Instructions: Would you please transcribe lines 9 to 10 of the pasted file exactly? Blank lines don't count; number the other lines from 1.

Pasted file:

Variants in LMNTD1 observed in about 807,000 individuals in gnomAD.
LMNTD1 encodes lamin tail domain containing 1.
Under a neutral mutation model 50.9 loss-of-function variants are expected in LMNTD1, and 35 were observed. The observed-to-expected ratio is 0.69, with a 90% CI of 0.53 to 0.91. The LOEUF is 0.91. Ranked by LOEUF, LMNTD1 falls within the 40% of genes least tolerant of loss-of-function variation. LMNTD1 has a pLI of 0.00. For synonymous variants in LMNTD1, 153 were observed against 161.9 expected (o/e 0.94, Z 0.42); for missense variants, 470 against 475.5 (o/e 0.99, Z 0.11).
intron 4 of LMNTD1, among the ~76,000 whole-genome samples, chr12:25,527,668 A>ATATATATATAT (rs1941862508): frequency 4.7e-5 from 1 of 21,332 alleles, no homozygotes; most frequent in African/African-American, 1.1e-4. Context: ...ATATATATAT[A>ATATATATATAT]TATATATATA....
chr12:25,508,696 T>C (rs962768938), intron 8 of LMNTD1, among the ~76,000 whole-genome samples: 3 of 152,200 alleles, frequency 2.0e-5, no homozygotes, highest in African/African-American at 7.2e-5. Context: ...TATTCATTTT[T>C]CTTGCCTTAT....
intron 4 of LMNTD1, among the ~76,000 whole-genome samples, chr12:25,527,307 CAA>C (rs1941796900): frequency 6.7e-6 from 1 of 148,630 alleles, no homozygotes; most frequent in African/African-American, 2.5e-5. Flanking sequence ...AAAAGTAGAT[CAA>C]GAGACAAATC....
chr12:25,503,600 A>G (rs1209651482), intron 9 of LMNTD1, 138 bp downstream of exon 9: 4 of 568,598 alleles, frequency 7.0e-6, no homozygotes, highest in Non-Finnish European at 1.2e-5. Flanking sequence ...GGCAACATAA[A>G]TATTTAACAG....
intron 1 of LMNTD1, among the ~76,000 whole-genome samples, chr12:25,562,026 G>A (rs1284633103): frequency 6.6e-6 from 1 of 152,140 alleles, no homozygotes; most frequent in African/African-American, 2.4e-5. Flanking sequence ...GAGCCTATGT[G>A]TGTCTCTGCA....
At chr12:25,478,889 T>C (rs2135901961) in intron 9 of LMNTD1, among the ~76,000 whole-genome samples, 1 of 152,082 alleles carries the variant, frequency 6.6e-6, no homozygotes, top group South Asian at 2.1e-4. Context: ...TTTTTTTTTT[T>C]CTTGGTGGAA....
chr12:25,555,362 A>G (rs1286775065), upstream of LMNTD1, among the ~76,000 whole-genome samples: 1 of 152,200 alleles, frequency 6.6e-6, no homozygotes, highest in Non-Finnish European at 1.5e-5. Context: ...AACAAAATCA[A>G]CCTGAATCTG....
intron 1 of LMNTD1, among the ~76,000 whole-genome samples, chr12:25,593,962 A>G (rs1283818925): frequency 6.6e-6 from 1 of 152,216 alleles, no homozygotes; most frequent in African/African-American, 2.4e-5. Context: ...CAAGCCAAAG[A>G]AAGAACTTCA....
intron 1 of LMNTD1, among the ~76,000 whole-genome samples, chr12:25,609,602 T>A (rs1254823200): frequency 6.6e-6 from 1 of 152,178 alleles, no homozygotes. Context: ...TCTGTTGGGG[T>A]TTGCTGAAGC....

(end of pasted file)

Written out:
At chr12:25,478,889 T>C (rs2135901961) in intron 9 of LMNTD1, among the ~76,000 whole-genome samples, 1 of 152,082 alleles carries the variant, frequency 6.6e-6, no homozygotes, top group South Asian at 2.1e-4. Context: ...TTTTTTTTTT[T>C]CTTGGTGGAA....
chr12:25,555,362 A>G (rs1286775065), upstream of LMNTD1, among the ~76,000 whole-genome samples: 1 of 152,200 alleles, frequency 6.6e-6, no homozygotes, highest in Non-Finnish European at 1.5e-5. Context: ...AACAAAATCA[A>G]CCTGAATCTG....